Another beautiful essay entitled “Pass the Bread” from Bill Moyers, in which he continues to try to explain America to himself, and to us.
I love this quote from it:
All of us have to choose sides on this journey. But the question is not so much who we are going to fight against as it is which side of our own nature will we nurture: The side that can grow weary and even cynical and believe that everything is futile, or the side that for all the vulgarity, brutality, and cruelty, yearns to affirm, connect and signify.
But what’s the bit with bread? Well, he tells a story about how a truly good man gets to heaven and asks God and the angels for a ruttered roll each morning, as his reward.
Bread is the great re-enforcer of the reality principle. Bread is life. But if you’re like me you have a thousand and more times repeated the ordinary experience of eating bread without a thought for the process that brings it to your table. The reality is physical: I need this bread to live. But the reality is also social: I need others to provide the bread. I depend for bread on hundreds of people I don’t know and will never meet. If they fail me, I go hungry. If I offer them nothing of value in exchange for their loaf, I betray them.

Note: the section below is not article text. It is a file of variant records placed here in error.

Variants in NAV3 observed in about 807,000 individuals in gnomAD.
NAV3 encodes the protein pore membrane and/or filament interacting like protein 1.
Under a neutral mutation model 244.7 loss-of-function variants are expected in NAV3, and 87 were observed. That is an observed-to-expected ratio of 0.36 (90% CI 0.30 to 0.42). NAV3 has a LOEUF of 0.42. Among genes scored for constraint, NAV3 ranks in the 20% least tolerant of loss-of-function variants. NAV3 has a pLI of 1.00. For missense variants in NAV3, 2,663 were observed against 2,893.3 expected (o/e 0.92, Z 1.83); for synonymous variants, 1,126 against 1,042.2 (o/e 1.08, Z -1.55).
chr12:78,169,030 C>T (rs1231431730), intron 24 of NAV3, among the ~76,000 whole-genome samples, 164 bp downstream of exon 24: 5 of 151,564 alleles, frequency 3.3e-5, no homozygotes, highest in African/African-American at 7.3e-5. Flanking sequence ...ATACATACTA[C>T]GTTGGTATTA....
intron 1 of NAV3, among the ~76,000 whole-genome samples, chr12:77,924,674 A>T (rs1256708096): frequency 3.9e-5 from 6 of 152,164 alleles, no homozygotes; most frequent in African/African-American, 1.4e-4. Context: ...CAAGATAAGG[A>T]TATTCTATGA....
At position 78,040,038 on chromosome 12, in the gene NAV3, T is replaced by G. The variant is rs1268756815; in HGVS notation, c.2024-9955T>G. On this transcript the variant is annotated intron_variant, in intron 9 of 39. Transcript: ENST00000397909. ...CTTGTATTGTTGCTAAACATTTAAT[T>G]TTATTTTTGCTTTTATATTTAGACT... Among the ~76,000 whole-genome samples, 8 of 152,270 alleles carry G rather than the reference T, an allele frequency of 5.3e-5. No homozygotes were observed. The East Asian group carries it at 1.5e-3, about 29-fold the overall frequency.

Civilization sustains and supports us. The core of its value is bread. But bread is its great metaphor. All my life I’ve prayed the Lord’s Prayer, and I’ve never prayed, “Give me this day my daily bread.” It is always, “Give us this day our daily bread.” Bread and life are shared realities. They do not happen in isolation. Civilization is an unnatural act. We have to make it happen, you and I, together with all the other strangers. And because we and strangers have to agree on the difference between a horse thief and a horse trader, the distinction is ethical. Without it, a society becomes a war against all, and a market for the wolves becomes a slaughter for the lambs.
This points, in the sweetest and subtlest way by Moyers, to the greatest uncivilized and unethical acts of our times, and how we, collectively are responsible. What is most uncivilized and unethical about these acts, or the policy these aggregate acts comprise, is that they are done while droning on and on about faith, community, and most aggregious of all, hope.